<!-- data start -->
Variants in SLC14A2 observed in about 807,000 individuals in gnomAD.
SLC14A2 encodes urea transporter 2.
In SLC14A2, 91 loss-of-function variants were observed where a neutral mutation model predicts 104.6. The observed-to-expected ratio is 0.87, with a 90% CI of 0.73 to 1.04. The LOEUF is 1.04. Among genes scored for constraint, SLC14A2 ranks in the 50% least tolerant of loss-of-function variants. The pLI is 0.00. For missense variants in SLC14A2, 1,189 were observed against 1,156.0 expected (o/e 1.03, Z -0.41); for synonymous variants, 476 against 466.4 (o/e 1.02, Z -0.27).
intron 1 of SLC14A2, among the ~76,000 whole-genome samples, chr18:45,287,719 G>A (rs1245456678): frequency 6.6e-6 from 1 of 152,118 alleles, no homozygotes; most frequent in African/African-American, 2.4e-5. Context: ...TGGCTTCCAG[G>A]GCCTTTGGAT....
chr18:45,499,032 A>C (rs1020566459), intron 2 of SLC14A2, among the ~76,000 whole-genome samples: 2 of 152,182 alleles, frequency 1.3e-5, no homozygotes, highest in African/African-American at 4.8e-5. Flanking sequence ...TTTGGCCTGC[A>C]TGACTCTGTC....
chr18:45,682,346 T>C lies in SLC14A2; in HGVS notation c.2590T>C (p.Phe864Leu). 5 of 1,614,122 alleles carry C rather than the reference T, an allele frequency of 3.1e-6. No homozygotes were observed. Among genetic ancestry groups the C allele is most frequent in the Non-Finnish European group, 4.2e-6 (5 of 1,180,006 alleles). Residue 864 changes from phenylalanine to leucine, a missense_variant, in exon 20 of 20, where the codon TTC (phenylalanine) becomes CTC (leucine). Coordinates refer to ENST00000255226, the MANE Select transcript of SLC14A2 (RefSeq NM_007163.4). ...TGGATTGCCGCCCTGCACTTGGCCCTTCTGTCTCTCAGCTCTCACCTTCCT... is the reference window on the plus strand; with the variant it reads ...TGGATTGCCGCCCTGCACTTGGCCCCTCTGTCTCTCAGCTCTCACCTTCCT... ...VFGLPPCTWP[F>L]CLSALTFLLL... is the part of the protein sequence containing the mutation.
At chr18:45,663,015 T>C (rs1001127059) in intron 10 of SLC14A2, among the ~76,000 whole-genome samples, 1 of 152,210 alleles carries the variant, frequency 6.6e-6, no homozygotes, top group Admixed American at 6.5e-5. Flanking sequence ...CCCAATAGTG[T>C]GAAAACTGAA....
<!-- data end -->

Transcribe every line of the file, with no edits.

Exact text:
Variants in SLC14A2 observed in about 807,000 individuals in gnomAD.
SLC14A2 encodes urea transporter 2.
In SLC14A2, 91 loss-of-function variants were observed where a neutral mutation model predicts 104.6. The observed-to-expected ratio is 0.87, with a 90% CI of 0.73 to 1.04. The LOEUF is 1.04. Among genes scored for constraint, SLC14A2 ranks in the 50% least tolerant of loss-of-function variants. The pLI is 0.00. For missense variants in SLC14A2, 1,189 were observed against 1,156.0 expected (o/e 1.03, Z -0.41); for synonymous variants, 476 against 466.4 (o/e 1.02, Z -0.27).
intron 1 of SLC14A2, among the ~76,000 whole-genome samples, chr18:45,287,719 G>A (rs1245456678): frequency 6.6e-6 from 1 of 152,118 alleles, no homozygotes; most frequent in African/African-American, 2.4e-5. Context: ...TGGCTTCCAG[G>A]GCCTTTGGAT....
chr18:45,499,032 A>C (rs1020566459), intron 2 of SLC14A2, among the ~76,000 whole-genome samples: 2 of 152,182 alleles, frequency 1.3e-5, no homozygotes, highest in African/African-American at 4.8e-5. Flanking sequence ...TTTGGCCTGC[A>C]TGACTCTGTC....
chr18:45,682,346 T>C lies in SLC14A2; in HGVS notation c.2590T>C (p.Phe864Leu). 5 of 1,614,122 alleles carry C rather than the reference T, an allele frequency of 3.1e-6. No homozygotes were observed. Among genetic ancestry groups the C allele is most frequent in the Non-Finnish European group, 4.2e-6 (5 of 1,180,006 alleles). Residue 864 changes from phenylalanine to leucine, a missense_variant, in exon 20 of 20, where the codon TTC (phenylalanine) becomes CTC (leucine). Coordinates refer to ENST00000255226, the MANE Select transcript of SLC14A2 (RefSeq NM_007163.4). ...TGGATTGCCGCCCTGCACTTGGCCCTTCTGTCTCTCAGCTCTCACCTTCCT... is the reference window on the plus strand; with the variant it reads ...TGGATTGCCGCCCTGCACTTGGCCCCTCTGTCTCTCAGCTCTCACCTTCCT... ...VFGLPPCTWP[F>L]CLSALTFLLL... is the part of the protein sequence containing the mutation.
At chr18:45,663,015 T>C (rs1001127059) in intron 10 of SLC14A2, among the ~76,000 whole-genome samples, 1 of 152,210 alleles carries the variant, frequency 6.6e-6, no homozygotes, top group Admixed American at 6.5e-5. Flanking sequence ...CCCAATAGTG[T>C]GAAAACTGAA....